This site differs from many other media literacy sites in two key ways. First, it is media-rich—with over 250 media artifacts embedded into the site and ready for teachers to use. Second, the site tackles a specific topic—identity—and asks us to think about the way all facets of identity (for example, race and ethnicity, gender, sexuality, socio-economic class) are shaped by the media. Rather than taking media representation at face value and accepting what has been internalized or normalized through media conventions, the site asks us, through each media artifact, to question those representations and their broader social, cultural and political implications.
Such questioning is particularly important in the media saturated environment in which we all live. Students are coming into classrooms having engaged for years in exhaustive and casual media practices. They consume traditional and digital media across a multitude of platforms, and produce content using a variety of media production tools. It’s worth noting that much of the content they consume and produce is about identity. It’s about figuring out who they are, who their friends are, what they like to do, what their tastes are, etc. For young people, in particular, a critical perspective on identity is crucial during key developmental stages when they are gaining new life experiences and learning to define, navigate, and negotiate their online and offline identities.
What criteria did you use for the selection of materials for the archive?
Much of the material comes from my own “library”—media I’ve collected over several years of teaching. Other media comes from USC Annenberg PhD students, who suggested media as well as contributed annotations to the site. (I’m lucky to have such generous students, who follow a variety of blogs and sites, and regularly send me new things to look at and incorporate into my classes). The other contributors were undergraduate students in a 2012 class I used as a lab space to brainstorm and develop the site. The class was divided into different identity groups and tasked with gathering media and developing skeleton curriculum for each assigned category.
As my project manager, Garrett Broad, and I narrowed the selections for the site, we had a few criteria in mind. We strove to choose media that could stand on its own (without a lot of contextualizing). We also wanted to use media that clearly said something about at least one of the identity categories featured on the site, thereby facilitating its incorporation into a broader curricular context. (An offhand or oblique comment by a character or a judge on a reality show might not make the cut).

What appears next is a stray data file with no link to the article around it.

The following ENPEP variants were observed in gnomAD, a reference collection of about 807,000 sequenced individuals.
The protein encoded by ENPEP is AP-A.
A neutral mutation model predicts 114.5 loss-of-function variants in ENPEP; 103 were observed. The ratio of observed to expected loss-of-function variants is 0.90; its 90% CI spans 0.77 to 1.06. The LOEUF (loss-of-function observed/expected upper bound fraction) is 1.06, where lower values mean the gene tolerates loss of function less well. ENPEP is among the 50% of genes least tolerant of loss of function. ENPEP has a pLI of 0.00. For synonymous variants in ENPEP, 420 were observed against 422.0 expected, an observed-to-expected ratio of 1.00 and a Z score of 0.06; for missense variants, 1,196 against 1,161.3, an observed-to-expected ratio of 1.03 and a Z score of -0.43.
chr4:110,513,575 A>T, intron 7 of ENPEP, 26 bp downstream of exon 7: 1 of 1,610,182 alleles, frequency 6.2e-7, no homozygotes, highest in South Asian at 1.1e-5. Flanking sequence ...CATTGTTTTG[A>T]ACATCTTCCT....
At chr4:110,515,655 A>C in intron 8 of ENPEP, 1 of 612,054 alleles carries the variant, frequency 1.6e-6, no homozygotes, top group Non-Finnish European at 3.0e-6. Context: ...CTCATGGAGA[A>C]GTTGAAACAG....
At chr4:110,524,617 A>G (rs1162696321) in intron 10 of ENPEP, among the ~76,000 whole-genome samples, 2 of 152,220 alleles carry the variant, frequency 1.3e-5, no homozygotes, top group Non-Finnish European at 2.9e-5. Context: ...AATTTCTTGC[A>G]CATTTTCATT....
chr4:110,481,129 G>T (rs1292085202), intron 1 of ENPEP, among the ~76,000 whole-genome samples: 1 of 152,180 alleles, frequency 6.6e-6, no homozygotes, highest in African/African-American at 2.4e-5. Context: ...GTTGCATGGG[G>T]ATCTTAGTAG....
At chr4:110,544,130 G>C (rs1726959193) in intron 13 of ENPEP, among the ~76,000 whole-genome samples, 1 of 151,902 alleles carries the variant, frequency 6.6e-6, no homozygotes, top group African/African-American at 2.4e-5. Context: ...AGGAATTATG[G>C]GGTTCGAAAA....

We did not shy away from media that was challenging or might be uncomfortable for users/viewers. In fact, we embraced nuanced and complicated texts, knowing that we provide scaffolding through the brief annotated descriptions. In some cases, we also provide “critiques” of media examples.
The critiques are used to call attention to social or political issues that might have been left out of the actual media example, but are nonetheless relevant to its interpretation. For example, a clip from America’s Next Top Model features a photo shoot in a Hawaiian sugar cane field in which the contestants are asked to transform themselves to embody two distinct racial groups. The critique for this clip comments on the way that Tyra and Jay gloss over Hawaii’s history of colonialism and cultural domination and the way in which the racial transformations via hair and makeup could be read as blackface. The critiques are designed, therefore, to highlight the complicated ways in which a media example can be interpreted, and to provoke further discussion about broader issues it may invoke.
Your central project here seems to be to focus on the roles which media play in shaping our -- collective and personal -- sense of identity. What theoretical models have informed your perspective on identity?
Much of my own background in film and television studies was informed by cultural studies. To that end, the work of Raymond Williams, and the notion that “culture is ordinary,” frame much of my teaching and is the foundation of the Critical Media Project. I urge my own students to consider the value and resonance of everyday popular culture, particularly media. And, I hope the Critical Media Project, through its very existence, highlights the value of such texts in the context of broader identity issues.
The site’s focus on identity and identity politics is also firmly rooted in a cultural studies perspective, which asks us to not only consider the social and cultural construction of identities, but also how those constructions are imbricated in ideologies and structures of power. Our gender, race and ethnicity, sexual orientation and class can play a critical role in determining the kind of social, political and economic power we have, how we attain that power, and how we use it. In the context of media, much power comes from visibility and agency (in the media product as well as behind-the-scenes). Such analyses of power lead to productive discussions of inequity and prejudice, ultimately raising important social justice issues.